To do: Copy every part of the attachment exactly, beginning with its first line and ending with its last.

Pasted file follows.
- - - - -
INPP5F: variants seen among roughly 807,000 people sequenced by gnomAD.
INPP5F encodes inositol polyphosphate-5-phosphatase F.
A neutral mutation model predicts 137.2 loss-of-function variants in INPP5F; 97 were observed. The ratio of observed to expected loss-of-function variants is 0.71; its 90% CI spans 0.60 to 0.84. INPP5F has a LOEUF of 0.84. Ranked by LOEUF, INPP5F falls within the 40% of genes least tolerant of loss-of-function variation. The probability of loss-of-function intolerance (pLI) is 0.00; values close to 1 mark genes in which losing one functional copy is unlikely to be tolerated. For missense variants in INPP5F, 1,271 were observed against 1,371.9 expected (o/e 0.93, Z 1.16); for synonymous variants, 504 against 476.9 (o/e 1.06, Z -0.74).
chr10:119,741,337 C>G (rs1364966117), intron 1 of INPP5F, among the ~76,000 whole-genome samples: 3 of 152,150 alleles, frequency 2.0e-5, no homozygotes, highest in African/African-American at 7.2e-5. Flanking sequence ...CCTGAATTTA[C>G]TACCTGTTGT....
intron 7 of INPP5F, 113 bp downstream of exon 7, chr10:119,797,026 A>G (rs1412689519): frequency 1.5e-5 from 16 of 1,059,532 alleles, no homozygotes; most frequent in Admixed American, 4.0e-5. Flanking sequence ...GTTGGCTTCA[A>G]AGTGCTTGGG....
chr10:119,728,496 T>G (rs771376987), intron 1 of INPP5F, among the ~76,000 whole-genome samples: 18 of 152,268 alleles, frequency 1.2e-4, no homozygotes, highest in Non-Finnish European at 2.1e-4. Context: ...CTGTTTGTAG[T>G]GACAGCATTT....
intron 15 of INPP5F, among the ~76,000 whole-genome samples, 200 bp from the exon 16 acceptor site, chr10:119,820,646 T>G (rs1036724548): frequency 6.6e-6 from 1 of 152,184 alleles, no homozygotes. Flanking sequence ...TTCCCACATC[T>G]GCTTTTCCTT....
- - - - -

INPP5F: variants seen among roughly 807,000 people sequenced by gnomAD.
INPP5F encodes inositol polyphosphate-5-phosphatase F.
A neutral mutation model predicts 137.2 loss-of-function variants in INPP5F; 97 were observed. The ratio of observed to expected loss-of-function variants is 0.71; its 90% CI spans 0.60 to 0.84. INPP5F has a LOEUF of 0.84. Ranked by LOEUF, INPP5F falls within the 40% of genes least tolerant of loss-of-function variation. The probability of loss-of-function intolerance (pLI) is 0.00; values close to 1 mark genes in which losing one functional copy is unlikely to be tolerated. For missense variants in INPP5F, 1,271 were observed against 1,371.9 expected (o/e 0.93, Z 1.16); for synonymous variants, 504 against 476.9 (o/e 1.06, Z -0.74).
chr10:119,741,337 C>G (rs1364966117), intron 1 of INPP5F, among the ~76,000 whole-genome samples: 3 of 152,150 alleles, frequency 2.0e-5, no homozygotes, highest in African/African-American at 7.2e-5. Flanking sequence ...CCTGAATTTA[C>G]TACCTGTTGT....
intron 7 of INPP5F, 113 bp downstream of exon 7, chr10:119,797,026 A>G (rs1412689519): frequency 1.5e-5 from 16 of 1,059,532 alleles, no homozygotes; most frequent in Admixed American, 4.0e-5. Flanking sequence ...GTTGGCTTCA[A>G]AGTGCTTGGG....
chr10:119,728,496 T>G (rs771376987), intron 1 of INPP5F, among the ~76,000 whole-genome samples: 18 of 152,268 alleles, frequency 1.2e-4, no homozygotes, highest in Non-Finnish European at 2.1e-4. Context: ...CTGTTTGTAG[T>G]GACAGCATTT....
intron 15 of INPP5F, among the ~76,000 whole-genome samples, 200 bp from the exon 16 acceptor site, chr10:119,820,646 T>G (rs1036724548): frequency 6.6e-6 from 1 of 152,184 alleles, no homozygotes. Flanking sequence ...TTCCCACATC[T>G]GCTTTTCCTT....